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Saturday, November 13, 2010

Lackluster Writing Kills Compelling Concept in The Clone Codes

(Image from Indiebound)

In all of her 13 years, Leanna Deberry's only met one clone: her friend's housekeeper, a womanish figure the girls call Deuces. Like all domestic clones, Deuces is a capable cook/cleaner, but that's about all "she" is able to do. Like all clones, she's been programmed not to lie, not to question orders, not to think. Why Leanna's mother thinks clones deserve rights, just like the humans from which they were created, is completely beyond Leanna. Obviously, they are mindless robots with the ability to do one thing and one thing only: serve humans.

Leanna knows her mother's views on cloning are a little radical, but she's shocked when a ruthless bounty hunter arrests Dr. Deberry on orders from the Clone Humane Society. Could she really be a member of the mythical Liberty Bell Movement as the authorities are suggesting? Turns out, Dr. Deberry's been keeping all kinds of secrets, some of which are dangerous enough to put Leanna in danger. On the run from the same bounty hunter who captured her mother, Leanna's got to figure out what's going on. And fast. Unraveling the mysteries will take Leanna on a journey of discovery unlike anything she's encountered in the virtual world to which she's become addicted. This time, she's finding truths about her family, herself and the tenuous future of the world around her.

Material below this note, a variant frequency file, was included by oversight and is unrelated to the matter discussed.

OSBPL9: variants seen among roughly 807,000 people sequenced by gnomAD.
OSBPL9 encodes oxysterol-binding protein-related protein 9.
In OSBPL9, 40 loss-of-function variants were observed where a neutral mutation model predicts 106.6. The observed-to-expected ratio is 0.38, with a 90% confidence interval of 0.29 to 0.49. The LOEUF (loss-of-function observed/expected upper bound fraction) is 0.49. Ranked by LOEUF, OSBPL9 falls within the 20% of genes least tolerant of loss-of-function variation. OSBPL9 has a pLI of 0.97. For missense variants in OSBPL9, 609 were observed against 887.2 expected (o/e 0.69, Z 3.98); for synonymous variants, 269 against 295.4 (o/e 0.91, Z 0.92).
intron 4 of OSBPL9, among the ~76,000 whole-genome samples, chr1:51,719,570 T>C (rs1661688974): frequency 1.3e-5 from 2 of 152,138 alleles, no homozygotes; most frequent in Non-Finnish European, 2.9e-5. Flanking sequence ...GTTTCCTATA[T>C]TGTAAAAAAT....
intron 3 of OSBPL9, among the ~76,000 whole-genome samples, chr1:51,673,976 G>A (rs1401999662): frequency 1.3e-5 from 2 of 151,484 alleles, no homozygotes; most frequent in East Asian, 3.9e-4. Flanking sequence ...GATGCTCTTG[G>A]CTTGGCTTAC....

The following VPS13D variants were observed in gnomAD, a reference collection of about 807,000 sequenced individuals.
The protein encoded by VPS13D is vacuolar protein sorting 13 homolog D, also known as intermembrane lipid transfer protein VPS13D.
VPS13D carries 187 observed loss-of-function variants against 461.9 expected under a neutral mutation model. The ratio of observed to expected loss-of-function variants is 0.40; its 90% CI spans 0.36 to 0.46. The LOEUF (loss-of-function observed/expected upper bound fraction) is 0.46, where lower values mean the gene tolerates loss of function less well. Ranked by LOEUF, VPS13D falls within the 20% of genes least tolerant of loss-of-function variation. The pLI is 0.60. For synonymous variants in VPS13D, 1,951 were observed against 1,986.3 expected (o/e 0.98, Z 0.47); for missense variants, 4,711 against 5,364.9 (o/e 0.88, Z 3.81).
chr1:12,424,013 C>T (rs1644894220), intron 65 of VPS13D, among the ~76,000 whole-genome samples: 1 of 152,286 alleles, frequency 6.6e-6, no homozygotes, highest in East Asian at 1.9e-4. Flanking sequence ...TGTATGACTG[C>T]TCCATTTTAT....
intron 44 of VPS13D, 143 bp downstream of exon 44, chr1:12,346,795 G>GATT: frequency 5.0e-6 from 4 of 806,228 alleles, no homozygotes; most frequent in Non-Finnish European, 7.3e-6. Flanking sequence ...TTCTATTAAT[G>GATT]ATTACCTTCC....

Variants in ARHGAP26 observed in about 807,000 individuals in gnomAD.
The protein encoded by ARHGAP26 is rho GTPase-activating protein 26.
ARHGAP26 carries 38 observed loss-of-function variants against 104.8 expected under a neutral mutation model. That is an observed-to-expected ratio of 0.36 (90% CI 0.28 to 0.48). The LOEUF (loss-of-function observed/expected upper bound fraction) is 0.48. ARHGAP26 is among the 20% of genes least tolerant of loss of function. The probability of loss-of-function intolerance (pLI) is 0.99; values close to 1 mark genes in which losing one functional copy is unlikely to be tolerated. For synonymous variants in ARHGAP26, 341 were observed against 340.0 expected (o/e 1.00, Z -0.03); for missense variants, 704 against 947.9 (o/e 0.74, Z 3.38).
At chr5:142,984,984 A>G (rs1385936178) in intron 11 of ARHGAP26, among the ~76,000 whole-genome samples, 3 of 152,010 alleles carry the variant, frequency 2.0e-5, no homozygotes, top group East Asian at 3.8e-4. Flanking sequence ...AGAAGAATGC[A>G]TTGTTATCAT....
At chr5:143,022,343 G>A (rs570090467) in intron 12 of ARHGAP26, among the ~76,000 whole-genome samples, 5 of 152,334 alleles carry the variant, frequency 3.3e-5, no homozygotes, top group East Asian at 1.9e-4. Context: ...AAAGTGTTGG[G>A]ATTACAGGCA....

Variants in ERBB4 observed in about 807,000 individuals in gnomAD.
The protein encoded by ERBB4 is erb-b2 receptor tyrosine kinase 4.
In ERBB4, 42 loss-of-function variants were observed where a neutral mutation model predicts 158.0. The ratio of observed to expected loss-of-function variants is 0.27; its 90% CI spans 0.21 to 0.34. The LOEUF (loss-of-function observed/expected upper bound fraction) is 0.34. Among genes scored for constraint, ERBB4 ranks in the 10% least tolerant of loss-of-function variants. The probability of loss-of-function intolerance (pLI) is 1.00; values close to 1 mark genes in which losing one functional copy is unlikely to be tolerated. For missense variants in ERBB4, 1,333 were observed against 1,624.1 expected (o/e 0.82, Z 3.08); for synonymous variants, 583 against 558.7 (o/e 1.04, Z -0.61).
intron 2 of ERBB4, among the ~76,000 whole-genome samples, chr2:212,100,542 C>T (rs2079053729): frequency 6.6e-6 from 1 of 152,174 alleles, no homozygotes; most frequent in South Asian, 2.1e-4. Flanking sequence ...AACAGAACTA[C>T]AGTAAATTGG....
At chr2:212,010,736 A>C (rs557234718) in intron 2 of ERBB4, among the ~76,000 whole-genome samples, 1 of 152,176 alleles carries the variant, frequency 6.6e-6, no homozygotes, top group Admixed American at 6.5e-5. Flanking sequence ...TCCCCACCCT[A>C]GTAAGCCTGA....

The Clone Codes, a new sci fi adventure by the parent/son team of Frederick, Patricia and John McKissack, is yet another example of a book with great potential that sinks because of poor execution. With three writers working on this slim novel (it's only 165 pages), you'd think the flat characters, choppy writing, and stilted dialogue would have been edited out. Um, no. It's there. Middle graders may be more interested in the cool, futuristic world the McKissacks have created than in the mediocre way they present it, but I had a hard time getting past the rough writing. It's such an interesting concept, with themes of tolerance and compassion, ideas that are especially affecting when comparing clones to slaves, I just wish the McKissacks had taken a little more care to make the story as compelling as it could have been. Maybe the series will get better as it goes on, or maybe The Cyborg Codes will be a disappointing clone of this one. You'll have to let me know because I won't be wasting my time on it.

(Readalikes: It reminded me a tiny bit of Ender's Game by Orson Scott Card)

Grade: D

If this were a movie, it would be rated: PG for intense action scenes

To the FTC, with love: I received a finish copy of The Clone Codes from the generous folks at Scholastic. Thank you!


  1. That's too bad. It does sound like an interesting concept and for a book so short I would think the complaint would be there wasn't enough information, not that there was stuff that should have been edited out.
    Oh happens.

  2. Hiya Susan! Hopping right back on your blog for FF :-)

    I'm sad to hear that this was another book that has a solid premise but ultimately doesn't deliver on it as well as it could have, which I think is the case with a lot of novels lately that I see in the shops. Anyway, I really liked the review, and I liked your style--very engaging :-)

    And bless you for having "Name/URL" :-)

  3. The premise of this one sounds so fabulous, I might have to give it a read despite your disappointing review.

  4. The only clone book I know and love is House of the Scorpion, which is just fabulous.


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